The Infatuations – Why This Book Should Win
This post is courtesy of Best Translated Book Award judge, the inimitable George Carroll. Not only is he one hell of a West Coast sales rep for publishing companies large and small, he has an inexhaustible knowledge of translated literature.
The Infatuations by Javier Marias rolled into its publication date with more baggage than the Coast Starlight, more anticipation than the Wells Fargo wagon in The Music Man.
Immediately, the griping and whining started. “It isn’t his best book.” “It isn’t as good as (fill in the blank with any of his previous books).” “I really loved the trilogy, but this…” “Knopf paid serious money for the book, did they know what they were getting?” I even heard someone suggest the book was slighted because of readership loyalty to New Directions, Marias’ previous publisher.
However, The New York Times, The Guardian, The Los Angeles Times, NPR, and Slate all made it through their reviews without an audible groan – and for good reason. This is a really good book.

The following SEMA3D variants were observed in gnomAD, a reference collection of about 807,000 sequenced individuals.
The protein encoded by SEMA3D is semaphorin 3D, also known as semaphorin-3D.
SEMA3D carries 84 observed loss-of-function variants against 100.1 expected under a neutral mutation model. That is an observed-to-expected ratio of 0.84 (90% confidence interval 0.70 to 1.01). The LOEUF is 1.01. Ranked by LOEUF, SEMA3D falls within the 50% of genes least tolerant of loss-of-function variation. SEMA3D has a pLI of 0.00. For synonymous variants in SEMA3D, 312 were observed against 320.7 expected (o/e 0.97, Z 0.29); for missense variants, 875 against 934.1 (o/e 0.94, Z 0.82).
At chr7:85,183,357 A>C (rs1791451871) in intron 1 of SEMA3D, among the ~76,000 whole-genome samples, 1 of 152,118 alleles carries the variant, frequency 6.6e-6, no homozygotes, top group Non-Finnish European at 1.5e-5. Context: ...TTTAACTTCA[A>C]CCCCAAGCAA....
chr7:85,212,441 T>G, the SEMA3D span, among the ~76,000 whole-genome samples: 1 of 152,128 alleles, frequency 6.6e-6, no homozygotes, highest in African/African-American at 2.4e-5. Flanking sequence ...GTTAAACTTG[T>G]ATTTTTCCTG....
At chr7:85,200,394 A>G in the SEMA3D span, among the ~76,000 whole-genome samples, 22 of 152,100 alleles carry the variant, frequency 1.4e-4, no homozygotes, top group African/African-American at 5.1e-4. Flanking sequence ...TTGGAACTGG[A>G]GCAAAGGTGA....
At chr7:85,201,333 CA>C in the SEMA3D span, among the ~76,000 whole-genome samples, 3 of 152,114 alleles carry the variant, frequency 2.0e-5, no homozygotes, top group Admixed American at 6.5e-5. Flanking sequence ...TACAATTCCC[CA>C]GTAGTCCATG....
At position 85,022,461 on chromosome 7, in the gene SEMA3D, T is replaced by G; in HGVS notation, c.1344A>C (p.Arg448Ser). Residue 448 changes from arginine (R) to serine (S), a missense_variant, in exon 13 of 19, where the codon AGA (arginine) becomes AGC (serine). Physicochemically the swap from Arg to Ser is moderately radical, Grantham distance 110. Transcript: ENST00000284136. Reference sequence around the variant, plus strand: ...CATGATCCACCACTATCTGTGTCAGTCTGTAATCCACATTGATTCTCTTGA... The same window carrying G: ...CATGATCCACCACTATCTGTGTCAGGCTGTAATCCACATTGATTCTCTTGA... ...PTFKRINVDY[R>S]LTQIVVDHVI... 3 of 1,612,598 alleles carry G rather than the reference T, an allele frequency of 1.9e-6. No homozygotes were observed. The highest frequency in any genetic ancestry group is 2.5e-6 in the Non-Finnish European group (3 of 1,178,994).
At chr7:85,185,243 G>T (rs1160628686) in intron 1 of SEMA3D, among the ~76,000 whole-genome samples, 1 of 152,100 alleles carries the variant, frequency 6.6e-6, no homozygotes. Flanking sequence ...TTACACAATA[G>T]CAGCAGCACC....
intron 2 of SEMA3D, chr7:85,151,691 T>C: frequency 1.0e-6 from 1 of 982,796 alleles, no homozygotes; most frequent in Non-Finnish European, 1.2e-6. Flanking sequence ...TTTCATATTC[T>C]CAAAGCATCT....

Marias is writing in genre, and he appears to be having a hell of a good time doing it. It’s cerebral in ways similar to Frederick Knott’s Dial M for Murder. It’s less about the crime, less action, and more about the paths and perception – more philosophic than forensic.
I’ve read a boatload of mysteries, but I can’t remember one that does exactly what The Infatuations does. Not going to outline the plot, but the ending, no spoiler alert here, is dropped in your lap.
I love Marias. I don’t care if what he writes is High Fecking Art or not. And you shouldn’t either.
This book should win The Best Translated Book Award.